Traditional Art

Traditional Ethiopian art forms are rich in color and symbolism, yet as, with many areas, western influences tend to dominate the scene.

One reason is the lack of historical documents to explain the ancient techniques, and there is a real danger that without adequate teaching the unique skill will die out altogether.  Tibebeselassie Tigabu investigates.

The wide almond shaped eyes in ancient Ethiopian iconography symbolize what  art historians call the ‘reversal gaze’ philosophy, which states that it is not only the viewers who observe the paintings; the paintings also observe the viewers.

The saints were painted in reversal gaze so as to hypnotize the onlooker, which also used what is known as the frontal technique. To avoid the reversal gaze and to depict sinful and devilish people, the painters used the profile technique by drawing only one eye.

These paintings can be seen in the many ancient churches and manuscripts of Ethiopia, including Gondar’s Debrebirhan Selassie Church.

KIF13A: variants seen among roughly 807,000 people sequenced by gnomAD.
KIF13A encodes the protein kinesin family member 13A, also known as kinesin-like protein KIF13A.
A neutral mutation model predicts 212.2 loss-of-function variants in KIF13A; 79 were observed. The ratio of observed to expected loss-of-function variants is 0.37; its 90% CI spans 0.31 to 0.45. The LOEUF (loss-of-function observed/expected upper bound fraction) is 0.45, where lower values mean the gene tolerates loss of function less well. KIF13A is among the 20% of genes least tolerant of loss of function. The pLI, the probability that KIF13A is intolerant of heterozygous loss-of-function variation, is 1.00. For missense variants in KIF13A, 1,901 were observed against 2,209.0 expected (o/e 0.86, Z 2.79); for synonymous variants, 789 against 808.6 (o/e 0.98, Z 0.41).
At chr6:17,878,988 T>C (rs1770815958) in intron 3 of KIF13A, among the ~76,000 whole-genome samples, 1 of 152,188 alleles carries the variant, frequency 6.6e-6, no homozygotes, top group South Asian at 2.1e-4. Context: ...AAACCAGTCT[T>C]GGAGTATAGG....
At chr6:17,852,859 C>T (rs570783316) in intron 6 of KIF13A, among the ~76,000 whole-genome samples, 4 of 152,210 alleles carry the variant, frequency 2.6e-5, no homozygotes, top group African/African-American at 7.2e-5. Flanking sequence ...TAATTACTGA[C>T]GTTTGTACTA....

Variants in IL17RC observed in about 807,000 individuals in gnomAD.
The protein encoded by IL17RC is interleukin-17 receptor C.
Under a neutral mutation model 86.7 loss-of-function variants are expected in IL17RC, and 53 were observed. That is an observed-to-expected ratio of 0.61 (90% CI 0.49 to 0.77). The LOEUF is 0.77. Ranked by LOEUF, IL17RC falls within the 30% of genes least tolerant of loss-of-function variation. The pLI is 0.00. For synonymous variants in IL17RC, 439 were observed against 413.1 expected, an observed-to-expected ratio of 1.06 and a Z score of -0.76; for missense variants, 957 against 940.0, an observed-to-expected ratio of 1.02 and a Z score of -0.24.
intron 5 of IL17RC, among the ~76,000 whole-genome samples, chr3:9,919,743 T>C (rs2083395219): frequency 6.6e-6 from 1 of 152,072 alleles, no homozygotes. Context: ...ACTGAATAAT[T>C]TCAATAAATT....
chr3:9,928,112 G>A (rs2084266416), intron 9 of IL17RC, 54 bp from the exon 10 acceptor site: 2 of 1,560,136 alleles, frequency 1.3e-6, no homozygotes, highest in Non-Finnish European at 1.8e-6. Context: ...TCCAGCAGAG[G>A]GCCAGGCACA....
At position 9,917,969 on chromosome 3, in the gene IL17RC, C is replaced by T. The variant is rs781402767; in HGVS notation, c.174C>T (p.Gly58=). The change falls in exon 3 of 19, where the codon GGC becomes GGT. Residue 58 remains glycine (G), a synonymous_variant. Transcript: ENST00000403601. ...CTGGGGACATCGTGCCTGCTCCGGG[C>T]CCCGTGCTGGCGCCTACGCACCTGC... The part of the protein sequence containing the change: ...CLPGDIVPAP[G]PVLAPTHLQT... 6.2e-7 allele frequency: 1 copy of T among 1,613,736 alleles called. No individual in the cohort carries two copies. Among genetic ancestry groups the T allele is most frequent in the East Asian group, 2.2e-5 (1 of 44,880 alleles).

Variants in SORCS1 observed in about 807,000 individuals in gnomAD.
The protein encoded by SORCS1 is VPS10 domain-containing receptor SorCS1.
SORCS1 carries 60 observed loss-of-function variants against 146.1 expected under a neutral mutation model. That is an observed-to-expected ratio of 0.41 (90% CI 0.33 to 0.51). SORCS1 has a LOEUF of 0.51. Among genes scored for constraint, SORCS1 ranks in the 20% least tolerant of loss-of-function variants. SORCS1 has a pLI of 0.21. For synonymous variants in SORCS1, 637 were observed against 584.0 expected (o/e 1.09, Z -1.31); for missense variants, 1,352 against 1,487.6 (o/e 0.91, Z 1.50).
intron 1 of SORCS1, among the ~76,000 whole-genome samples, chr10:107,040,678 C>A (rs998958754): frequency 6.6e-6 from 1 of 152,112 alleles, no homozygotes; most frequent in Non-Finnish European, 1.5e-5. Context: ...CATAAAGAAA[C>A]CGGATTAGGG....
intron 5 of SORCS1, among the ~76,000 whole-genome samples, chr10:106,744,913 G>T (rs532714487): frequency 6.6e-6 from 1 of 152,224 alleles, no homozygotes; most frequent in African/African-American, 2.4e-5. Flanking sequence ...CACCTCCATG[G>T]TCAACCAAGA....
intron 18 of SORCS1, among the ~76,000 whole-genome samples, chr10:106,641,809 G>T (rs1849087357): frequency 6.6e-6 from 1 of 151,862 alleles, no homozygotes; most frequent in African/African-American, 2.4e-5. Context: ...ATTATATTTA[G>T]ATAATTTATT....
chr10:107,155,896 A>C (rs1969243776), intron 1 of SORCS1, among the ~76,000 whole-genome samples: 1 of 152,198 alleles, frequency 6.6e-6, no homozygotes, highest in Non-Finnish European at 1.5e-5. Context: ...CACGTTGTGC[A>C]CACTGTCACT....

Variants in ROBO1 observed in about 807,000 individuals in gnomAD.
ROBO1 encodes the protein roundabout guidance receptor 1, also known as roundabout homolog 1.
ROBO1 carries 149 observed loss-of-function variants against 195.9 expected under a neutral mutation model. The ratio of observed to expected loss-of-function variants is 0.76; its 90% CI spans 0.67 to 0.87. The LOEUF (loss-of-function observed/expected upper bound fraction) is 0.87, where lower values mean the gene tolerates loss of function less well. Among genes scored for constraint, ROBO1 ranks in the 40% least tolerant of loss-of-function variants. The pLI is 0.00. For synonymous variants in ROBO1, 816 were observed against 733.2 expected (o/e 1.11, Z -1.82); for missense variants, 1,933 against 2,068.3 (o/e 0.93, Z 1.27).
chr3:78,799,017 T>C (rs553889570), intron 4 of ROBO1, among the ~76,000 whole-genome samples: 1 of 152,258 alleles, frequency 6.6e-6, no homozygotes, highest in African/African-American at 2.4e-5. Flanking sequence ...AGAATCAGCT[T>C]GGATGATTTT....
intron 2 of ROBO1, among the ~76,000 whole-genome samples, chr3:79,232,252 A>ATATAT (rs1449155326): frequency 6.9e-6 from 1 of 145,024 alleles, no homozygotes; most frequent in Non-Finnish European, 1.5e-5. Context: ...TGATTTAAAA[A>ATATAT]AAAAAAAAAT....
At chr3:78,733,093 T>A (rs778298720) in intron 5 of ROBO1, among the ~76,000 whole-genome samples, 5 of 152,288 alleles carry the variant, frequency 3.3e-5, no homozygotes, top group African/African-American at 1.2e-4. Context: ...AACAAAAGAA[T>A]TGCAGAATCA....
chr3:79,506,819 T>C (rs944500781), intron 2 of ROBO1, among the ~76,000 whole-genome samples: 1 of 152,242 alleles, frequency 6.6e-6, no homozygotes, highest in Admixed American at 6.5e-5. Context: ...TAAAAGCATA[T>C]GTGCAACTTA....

Moving forward to the 21st century, what do these characteristics mean to the art community? I visited the Ale Felegeselam Art School to find out.

Can they read the signs? Or like many classical thoughts interrupted by time, is there no connection to the traditional paintings? Many Ethiopian artists know the concepts of the western schools of thought, like abstract, realism, minimalism etc, without recognizing traditional Ethiopian elements. The school’s curriculum has been criticized for being too Eurocentric.

The phasing out of traditional art is not only observed in art schools, churches famed for their traditional paintings are now incorporating the western styles.

In ancient times saints were painted as brown or black people, like, for example, in the Debrebirhan Selassie church, Gondar. Yet, the influence of western art is becoming more apparent. Nowadays it is common to see a Michael Angelo, Leonardo Da Vinci or Sandro Botticelli style of painting.

Even those paintings with traditional iconography are “modernized” in a western way when restored. Read complete story in The Reporter.

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